Whilst shepherding his father-in-law’s sheep in the desert, Moses met with God. Forty years is a long time to wander in a desert, but for Moses it was preparation time; at the burning bush God called him by name and revealed to him the purpose for which he had been born. He was chosen by God to rescue his people from Egypt and to take them into the Promised Land, because God was ‘Concerned about their suffering.’
Moses thought God had got the wrong man and at the burning bush, in a conversation with God, he asked a series of questions revealing his deep lack of confidence(Exodus 3:11-4:13). God gave the reassuring answers needed for Moses to step out in faith to fulfil his life’s destiny.
The first question says it all. ‘Who am I that I should go?’ In his own eyes he was insignificant and he needed God’s reassurance, ‘I will be with you.’ Moses was concerned that his knowledge of God was so limited he didn’t even know His name. ‘If they ask me, “what is the name of the God of your fathers?” what shall I tell them?’
The revelation of God’s name, ‘I am who I am’ addressed Moses’ insecurity. God was saying ‘I am now, and always will be what I have always been’. Moses’ sense of inferiority arose in his third question, ‘What if they do not believe me or listen to me and say,” The Lord did not appear to you’?” But the miracle of his staff turning into a serpent assured Moses that God’s work is a supernatural work done in His power. His next excuse was that he was inarticulate. ‘O Lord I have never been articulate, I am slow of speech and tongue.’ In desperation he asked God to send someone else.
Most of us experience desert times. As we look back we can often thank God for those times. They were times when God was preparing us, times of refining and change, and, above all, times when God revealed Himself to us in a new way. It’s reassuring to hear Him say, ‘See, I am doing a new thing! Now it springs up; do you not perceive it? I am making a way in the desert and streams in the wilderness’ (Isaiah 43:19).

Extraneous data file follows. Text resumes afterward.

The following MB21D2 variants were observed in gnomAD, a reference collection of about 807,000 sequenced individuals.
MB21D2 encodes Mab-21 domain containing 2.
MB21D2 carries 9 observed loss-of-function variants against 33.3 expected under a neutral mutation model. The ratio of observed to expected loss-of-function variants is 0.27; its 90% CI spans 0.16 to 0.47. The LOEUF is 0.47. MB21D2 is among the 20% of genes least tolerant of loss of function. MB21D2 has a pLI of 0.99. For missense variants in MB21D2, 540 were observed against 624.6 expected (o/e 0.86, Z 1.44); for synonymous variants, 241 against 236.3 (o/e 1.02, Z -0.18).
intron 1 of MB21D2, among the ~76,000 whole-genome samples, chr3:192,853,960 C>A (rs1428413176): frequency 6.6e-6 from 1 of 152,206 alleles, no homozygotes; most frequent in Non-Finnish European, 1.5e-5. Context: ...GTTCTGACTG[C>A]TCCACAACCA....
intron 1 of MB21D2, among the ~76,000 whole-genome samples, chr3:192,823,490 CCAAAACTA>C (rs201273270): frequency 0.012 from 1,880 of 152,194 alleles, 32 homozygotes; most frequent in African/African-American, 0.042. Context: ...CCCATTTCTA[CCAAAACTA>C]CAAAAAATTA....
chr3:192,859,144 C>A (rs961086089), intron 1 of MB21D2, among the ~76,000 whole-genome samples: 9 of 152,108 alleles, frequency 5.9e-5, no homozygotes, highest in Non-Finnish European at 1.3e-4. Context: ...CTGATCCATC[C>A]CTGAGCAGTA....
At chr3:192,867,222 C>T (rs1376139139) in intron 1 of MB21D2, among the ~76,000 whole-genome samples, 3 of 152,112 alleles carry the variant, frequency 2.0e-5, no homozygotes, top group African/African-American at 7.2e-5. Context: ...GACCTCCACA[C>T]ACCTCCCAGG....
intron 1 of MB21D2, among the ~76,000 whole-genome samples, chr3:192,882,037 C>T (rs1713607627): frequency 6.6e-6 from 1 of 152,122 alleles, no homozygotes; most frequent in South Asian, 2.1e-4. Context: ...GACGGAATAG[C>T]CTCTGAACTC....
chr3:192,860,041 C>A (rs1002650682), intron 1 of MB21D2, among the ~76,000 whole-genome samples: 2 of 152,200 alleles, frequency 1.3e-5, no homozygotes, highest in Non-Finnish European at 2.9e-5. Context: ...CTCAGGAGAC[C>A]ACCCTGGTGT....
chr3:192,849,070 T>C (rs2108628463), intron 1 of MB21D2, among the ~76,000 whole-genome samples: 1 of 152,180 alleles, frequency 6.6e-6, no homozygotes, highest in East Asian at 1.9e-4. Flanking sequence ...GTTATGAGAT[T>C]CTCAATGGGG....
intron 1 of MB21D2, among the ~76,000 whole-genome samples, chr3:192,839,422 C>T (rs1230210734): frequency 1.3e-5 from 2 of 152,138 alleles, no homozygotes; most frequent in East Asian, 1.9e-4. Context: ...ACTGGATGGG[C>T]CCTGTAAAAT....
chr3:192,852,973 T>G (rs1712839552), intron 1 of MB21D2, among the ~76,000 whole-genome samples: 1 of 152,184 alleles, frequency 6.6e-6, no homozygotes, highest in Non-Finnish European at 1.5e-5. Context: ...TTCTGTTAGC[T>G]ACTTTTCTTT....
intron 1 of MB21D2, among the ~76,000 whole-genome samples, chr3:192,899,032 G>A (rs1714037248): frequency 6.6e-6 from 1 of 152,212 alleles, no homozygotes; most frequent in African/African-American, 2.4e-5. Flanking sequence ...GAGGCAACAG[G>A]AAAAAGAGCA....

‘Moses was very meek’ (Numbers 12:3 A.V). A meek person can be described as someone who humbly acknowledges their dependence on the goodness and grace of God. An insignificant person in the world’s eyes, whose security is in God, is a person who can be used by God. Such a one may not be very eloquent, but Moses’ prayer can be their own, ‘Let my words descend like dew, like showers on new grass, like abundant rain on tender plants’ (Deuteronomy 32:2). This is a prayer that can’t fail to be answered.
Question: Have you known desert times when God has spoken to you? Are you presently in a desert time when you long to hear His voice?
Prayer: Heavenly Father, thank you that You’ve promised to make a way in the desert. Help me today to keep my eyes on You and Your faithfulness, rather than on my circumstances. Amen.
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